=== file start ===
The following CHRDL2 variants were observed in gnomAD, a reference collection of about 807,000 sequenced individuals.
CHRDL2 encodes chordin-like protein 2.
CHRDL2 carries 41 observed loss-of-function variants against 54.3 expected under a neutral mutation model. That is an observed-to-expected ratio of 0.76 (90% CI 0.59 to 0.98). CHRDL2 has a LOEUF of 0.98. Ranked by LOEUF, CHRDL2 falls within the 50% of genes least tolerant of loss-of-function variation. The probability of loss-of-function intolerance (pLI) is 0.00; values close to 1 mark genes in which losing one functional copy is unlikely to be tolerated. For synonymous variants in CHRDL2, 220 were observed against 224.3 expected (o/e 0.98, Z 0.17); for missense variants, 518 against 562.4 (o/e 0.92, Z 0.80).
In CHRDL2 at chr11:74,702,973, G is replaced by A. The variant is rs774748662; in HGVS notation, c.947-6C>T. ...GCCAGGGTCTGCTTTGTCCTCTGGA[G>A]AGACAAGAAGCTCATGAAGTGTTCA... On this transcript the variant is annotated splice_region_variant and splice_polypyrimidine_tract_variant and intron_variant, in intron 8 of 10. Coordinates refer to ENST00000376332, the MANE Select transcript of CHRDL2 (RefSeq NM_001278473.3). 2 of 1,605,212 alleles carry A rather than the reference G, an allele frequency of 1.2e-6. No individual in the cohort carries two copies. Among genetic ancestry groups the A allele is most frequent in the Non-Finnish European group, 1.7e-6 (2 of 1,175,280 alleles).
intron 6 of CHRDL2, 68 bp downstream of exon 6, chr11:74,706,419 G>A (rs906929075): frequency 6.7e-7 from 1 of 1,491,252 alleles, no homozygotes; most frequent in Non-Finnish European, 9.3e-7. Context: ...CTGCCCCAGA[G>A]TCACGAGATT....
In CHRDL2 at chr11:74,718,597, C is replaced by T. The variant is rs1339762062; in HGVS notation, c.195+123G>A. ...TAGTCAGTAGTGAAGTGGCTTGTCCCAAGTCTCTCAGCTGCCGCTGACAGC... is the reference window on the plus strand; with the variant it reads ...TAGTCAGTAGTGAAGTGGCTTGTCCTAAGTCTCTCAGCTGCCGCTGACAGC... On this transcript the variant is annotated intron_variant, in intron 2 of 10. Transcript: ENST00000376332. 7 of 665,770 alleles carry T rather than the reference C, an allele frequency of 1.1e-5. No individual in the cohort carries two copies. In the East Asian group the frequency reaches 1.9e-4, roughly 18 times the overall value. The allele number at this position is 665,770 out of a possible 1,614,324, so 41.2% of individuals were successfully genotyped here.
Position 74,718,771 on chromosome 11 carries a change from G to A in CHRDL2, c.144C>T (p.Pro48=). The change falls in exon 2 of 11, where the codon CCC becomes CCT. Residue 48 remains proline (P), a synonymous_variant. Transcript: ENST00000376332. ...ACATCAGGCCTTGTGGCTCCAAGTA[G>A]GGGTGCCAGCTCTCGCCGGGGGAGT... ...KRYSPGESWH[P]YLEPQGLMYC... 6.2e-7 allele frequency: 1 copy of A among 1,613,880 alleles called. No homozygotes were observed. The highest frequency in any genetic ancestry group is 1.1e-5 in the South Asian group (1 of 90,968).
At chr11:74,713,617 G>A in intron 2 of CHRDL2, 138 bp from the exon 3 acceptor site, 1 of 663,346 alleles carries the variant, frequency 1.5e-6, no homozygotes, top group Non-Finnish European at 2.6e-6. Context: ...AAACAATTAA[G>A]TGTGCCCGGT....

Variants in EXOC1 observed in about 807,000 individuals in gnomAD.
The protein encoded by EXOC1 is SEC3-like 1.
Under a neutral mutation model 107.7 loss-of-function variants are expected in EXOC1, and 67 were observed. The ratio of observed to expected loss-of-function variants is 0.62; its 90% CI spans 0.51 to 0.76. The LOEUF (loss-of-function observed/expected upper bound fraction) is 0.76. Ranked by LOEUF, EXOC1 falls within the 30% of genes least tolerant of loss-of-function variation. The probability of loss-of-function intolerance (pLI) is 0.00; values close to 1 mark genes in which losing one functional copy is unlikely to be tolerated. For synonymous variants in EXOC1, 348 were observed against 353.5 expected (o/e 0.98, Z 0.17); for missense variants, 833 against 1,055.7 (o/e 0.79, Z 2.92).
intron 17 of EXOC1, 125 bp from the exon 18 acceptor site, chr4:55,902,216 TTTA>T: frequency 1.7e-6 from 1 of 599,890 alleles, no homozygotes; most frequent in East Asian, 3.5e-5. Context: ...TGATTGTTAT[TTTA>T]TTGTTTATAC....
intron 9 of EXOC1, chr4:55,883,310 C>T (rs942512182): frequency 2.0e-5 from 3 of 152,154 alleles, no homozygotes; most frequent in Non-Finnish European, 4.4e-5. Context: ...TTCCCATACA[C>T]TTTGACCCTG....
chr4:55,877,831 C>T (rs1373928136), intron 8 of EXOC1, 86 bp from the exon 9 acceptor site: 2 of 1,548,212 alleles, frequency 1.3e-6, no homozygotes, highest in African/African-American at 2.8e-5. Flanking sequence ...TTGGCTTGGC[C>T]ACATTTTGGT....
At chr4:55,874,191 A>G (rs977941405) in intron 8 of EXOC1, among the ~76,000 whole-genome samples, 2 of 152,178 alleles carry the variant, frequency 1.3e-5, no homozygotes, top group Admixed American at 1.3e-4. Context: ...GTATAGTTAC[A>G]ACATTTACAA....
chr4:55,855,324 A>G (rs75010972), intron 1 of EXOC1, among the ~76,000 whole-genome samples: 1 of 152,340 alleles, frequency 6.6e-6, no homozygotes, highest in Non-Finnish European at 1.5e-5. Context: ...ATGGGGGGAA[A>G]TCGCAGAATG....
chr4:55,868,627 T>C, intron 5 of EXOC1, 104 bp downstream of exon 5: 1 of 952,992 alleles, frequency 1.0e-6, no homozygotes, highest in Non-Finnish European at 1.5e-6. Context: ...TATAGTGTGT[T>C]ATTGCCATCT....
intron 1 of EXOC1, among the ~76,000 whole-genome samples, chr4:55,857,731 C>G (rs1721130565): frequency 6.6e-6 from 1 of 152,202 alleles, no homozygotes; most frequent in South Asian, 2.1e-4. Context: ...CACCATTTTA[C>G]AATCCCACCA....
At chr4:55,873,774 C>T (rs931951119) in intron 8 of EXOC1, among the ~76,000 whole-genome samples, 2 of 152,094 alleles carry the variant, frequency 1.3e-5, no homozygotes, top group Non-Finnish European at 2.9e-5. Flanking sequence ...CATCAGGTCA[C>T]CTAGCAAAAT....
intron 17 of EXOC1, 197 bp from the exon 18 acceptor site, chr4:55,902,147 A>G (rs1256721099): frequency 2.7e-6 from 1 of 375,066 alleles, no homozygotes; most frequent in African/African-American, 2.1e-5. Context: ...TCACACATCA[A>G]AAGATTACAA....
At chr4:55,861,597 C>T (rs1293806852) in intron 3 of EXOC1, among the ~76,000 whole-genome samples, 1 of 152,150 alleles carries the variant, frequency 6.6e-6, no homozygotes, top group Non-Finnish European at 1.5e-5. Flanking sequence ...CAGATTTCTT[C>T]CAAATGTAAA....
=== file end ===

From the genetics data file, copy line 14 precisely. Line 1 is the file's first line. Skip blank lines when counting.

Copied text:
chr4:55,877,831 C>T (rs1373928136), intron 8 of EXOC1, 86 bp from the exon 9 acceptor site: 2 of 1,548,212 alleles, frequency 1.3e-6, no homozygotes, highest in African/African-American at 2.8e-5. Flanking sequence ...TTGGCTTGGC[C>T]ACATTTTGGT....